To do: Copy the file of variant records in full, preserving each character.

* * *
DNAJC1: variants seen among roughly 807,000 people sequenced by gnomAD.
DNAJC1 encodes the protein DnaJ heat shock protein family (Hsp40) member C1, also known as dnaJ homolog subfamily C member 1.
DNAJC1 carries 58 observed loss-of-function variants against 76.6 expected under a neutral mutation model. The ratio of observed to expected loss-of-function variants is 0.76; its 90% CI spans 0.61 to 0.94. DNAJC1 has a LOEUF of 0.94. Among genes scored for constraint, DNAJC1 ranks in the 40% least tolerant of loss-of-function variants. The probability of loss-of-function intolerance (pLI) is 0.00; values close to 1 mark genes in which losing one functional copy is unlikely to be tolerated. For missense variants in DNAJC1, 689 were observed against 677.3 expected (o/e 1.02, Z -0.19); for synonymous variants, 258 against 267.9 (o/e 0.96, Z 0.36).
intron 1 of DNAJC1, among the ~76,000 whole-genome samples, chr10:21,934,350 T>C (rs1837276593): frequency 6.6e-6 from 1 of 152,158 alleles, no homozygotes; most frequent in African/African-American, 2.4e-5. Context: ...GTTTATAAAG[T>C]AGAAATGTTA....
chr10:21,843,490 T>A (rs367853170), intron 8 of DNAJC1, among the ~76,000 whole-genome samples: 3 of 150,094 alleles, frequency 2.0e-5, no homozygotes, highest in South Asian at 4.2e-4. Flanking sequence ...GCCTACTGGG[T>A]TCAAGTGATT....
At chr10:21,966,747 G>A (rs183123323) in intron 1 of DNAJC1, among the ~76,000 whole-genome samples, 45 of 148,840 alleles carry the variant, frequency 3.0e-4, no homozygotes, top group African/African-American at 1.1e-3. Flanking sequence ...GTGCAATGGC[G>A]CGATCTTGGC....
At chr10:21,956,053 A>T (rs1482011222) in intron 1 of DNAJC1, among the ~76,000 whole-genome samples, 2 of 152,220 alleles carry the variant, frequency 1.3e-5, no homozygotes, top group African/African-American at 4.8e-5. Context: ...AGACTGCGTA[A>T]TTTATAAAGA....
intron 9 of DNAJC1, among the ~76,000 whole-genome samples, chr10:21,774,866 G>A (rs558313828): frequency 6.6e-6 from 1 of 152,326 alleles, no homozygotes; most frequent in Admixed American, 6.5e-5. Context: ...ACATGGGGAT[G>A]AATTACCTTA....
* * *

DNAJC1: variants seen among roughly 807,000 people sequenced by gnomAD.
DNAJC1 encodes the protein DnaJ heat shock protein family (Hsp40) member C1, also known as dnaJ homolog subfamily C member 1.
DNAJC1 carries 58 observed loss-of-function variants against 76.6 expected under a neutral mutation model. The ratio of observed to expected loss-of-function variants is 0.76; its 90% CI spans 0.61 to 0.94. DNAJC1 has a LOEUF of 0.94. Among genes scored for constraint, DNAJC1 ranks in the 40% least tolerant of loss-of-function variants. The probability of loss-of-function intolerance (pLI) is 0.00; values close to 1 mark genes in which losing one functional copy is unlikely to be tolerated. For missense variants in DNAJC1, 689 were observed against 677.3 expected (o/e 1.02, Z -0.19); for synonymous variants, 258 against 267.9 (o/e 0.96, Z 0.36).
intron 1 of DNAJC1, among the ~76,000 whole-genome samples, chr10:21,934,350 T>C (rs1837276593): frequency 6.6e-6 from 1 of 152,158 alleles, no homozygotes; most frequent in African/African-American, 2.4e-5. Context: ...GTTTATAAAG[T>C]AGAAATGTTA....
chr10:21,843,490 T>A (rs367853170), intron 8 of DNAJC1, among the ~76,000 whole-genome samples: 3 of 150,094 alleles, frequency 2.0e-5, no homozygotes, highest in South Asian at 4.2e-4. Flanking sequence ...GCCTACTGGG[T>A]TCAAGTGATT....
At chr10:21,966,747 G>A (rs183123323) in intron 1 of DNAJC1, among the ~76,000 whole-genome samples, 45 of 148,840 alleles carry the variant, frequency 3.0e-4, no homozygotes, top group African/African-American at 1.1e-3. Flanking sequence ...GTGCAATGGC[G>A]CGATCTTGGC....
At chr10:21,956,053 A>T (rs1482011222) in intron 1 of DNAJC1, among the ~76,000 whole-genome samples, 2 of 152,220 alleles carry the variant, frequency 1.3e-5, no homozygotes, top group African/African-American at 4.8e-5. Context: ...AGACTGCGTA[A>T]TTTATAAAGA....
intron 9 of DNAJC1, among the ~76,000 whole-genome samples, chr10:21,774,866 G>A (rs558313828): frequency 6.6e-6 from 1 of 152,326 alleles, no homozygotes; most frequent in Admixed American, 6.5e-5. Context: ...ACATGGGGAT[G>A]AATTACCTTA....